OIA publishes Annual Statements for 2017

We have today (14 May) published our Annual Statements for 2017 for higher education providers that are members of the OIA Scheme.

The Annual Statements include information about the number of complaints we received, and the type and outcomes of complaints we considered, in 2017. They also include some information on providers’ engagement with us during the year. We publish this information to allow providers to look at their own record alongside that of similar providers. The Statements also enable increased public scrutiny of complaints handling records in higher education providers.

Felicity Mitchell, Independent Adjudicator said:

“The Annual Statements are part of our commitment to be open about the work that we do and through this openness to promote public confidence in the higher education sector.

We encourage all higher education providers to scrutinise their record in handling complaints and appeals and to consider how they can improve what they do. Our Annual Statements help providers, including their governing bodies, and student representative bodies, to see their own record alongside that of similar providers. Our Annual Statements can also increase students' confidence in the internal processes of their higher education provider.”


For further information please contact Sarah Liddell, Head of Leadership Office, mediarelations@oiahe.org.uk, 0118 959 9813.

  1. The Annual Statements for 2017 are available on our website.
  2. The purpose of publishing the Annual Statements is to:
  • Increase public scrutiny of complaints handling records in higher education providers;
  • Increase students' confidence in complaints handling processes;
  • Allow providers to look at their own record alongside that of similar providers; and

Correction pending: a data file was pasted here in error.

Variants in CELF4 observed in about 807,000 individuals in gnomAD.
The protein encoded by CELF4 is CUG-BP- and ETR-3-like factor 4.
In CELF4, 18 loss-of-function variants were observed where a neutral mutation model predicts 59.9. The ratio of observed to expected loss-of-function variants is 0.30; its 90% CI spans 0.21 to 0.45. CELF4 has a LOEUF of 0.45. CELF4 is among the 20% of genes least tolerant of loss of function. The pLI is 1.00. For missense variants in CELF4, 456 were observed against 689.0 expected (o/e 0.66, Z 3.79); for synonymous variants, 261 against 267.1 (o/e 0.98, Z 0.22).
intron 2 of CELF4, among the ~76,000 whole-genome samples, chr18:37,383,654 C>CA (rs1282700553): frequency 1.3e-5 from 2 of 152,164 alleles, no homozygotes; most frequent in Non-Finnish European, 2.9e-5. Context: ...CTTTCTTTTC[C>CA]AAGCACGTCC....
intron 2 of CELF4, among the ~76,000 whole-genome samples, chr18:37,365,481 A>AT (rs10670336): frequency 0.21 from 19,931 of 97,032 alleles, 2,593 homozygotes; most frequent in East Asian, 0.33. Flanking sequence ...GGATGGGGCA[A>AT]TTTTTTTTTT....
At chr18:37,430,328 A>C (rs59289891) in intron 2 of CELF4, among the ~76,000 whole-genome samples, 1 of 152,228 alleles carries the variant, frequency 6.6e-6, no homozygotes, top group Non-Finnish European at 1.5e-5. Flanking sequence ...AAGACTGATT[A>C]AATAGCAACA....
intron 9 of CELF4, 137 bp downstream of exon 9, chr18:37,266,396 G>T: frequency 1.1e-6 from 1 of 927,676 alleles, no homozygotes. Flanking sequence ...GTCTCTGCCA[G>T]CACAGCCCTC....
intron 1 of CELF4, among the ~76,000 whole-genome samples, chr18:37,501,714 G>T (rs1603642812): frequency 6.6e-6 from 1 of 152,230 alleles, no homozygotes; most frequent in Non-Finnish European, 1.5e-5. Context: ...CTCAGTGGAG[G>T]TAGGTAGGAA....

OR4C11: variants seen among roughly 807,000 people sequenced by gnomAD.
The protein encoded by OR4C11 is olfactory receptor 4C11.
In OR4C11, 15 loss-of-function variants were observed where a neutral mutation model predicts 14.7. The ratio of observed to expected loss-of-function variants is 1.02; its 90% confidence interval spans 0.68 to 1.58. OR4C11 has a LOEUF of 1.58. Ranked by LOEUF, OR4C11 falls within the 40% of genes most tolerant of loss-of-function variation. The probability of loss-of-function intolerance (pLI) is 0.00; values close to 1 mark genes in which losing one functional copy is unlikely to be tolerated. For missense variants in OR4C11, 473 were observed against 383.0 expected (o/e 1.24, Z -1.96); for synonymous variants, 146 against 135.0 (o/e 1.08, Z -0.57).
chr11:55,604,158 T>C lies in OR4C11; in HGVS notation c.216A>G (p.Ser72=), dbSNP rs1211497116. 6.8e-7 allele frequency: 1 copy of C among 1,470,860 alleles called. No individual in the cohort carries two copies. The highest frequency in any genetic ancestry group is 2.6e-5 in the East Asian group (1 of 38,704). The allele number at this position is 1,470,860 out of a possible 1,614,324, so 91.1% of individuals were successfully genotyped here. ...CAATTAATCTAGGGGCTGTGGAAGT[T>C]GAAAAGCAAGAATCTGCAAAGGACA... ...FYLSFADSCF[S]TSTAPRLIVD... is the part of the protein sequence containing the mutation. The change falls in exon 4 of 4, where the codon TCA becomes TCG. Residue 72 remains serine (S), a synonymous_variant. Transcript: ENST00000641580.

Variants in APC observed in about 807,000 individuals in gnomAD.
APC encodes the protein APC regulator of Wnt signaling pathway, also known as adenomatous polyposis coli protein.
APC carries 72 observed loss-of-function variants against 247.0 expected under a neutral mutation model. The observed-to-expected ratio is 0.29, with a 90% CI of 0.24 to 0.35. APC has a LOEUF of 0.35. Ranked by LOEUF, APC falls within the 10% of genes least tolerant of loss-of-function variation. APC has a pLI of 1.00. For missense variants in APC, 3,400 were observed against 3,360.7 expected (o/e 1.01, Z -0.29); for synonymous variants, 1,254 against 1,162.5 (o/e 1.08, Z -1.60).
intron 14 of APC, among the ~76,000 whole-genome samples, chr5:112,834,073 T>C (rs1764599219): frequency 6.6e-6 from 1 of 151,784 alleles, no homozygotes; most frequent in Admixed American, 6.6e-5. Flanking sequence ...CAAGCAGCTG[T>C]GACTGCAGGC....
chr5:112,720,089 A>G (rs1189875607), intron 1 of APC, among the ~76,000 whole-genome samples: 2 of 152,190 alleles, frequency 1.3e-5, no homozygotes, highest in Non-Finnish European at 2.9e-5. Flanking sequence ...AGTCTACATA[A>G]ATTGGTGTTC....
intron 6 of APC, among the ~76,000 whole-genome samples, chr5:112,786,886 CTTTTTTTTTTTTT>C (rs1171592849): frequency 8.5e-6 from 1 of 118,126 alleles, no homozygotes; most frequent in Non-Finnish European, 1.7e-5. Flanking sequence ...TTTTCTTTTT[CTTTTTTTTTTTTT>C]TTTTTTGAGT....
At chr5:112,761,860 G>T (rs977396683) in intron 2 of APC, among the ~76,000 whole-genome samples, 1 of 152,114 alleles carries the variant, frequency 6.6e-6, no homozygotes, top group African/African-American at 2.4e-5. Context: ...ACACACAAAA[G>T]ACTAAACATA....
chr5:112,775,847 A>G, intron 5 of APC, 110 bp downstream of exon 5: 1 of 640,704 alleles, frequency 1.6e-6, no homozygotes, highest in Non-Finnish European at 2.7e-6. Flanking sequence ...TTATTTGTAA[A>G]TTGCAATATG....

• Make our own processes more transparent.
  1. The Statements provide useful information about complaints and appeals that have reached the end of internal processes at higher education providers and been escalated to the OIA. However, they do not give a full picture of complaints and appeals within a provider:
  2. They do not set out the overall number of complaints and appeals that are made by students to their providers, many of which are likely to be resolved through the internal processes.
  3. The data on Completion of Procedures (“COP”) Letters issued must be interpreted with some caution. The fact that a COP Letter has been issued does not necessarily mean that the student is dissatisfied with the outcome. The OIA’s Guidance on COP Letters says that providers should issue a COP Letter when a complaint (or appeal) has been upheld, if the student asks for one. Equally, a very low number of COP Letters in comparison to other providers in the same OIA subscriptions band might indicate that a provider is not following the OIA’s Guidance on COP Letters correctly.
  4. When reviewing the data in the Annual Statements, it is therefore difficult to compare “like with like”. We cannot accept responsibility for any inferences or conclusions derived from the data published in the Annual Statements by third parties.
  5. The OIA is the independent student complaints ombudsman for higher education in England and Wales. Our Scheme is free to students. We have a wide remit to review student complaints about higher education providers in England and Wales, as set out in our Scheme Rules.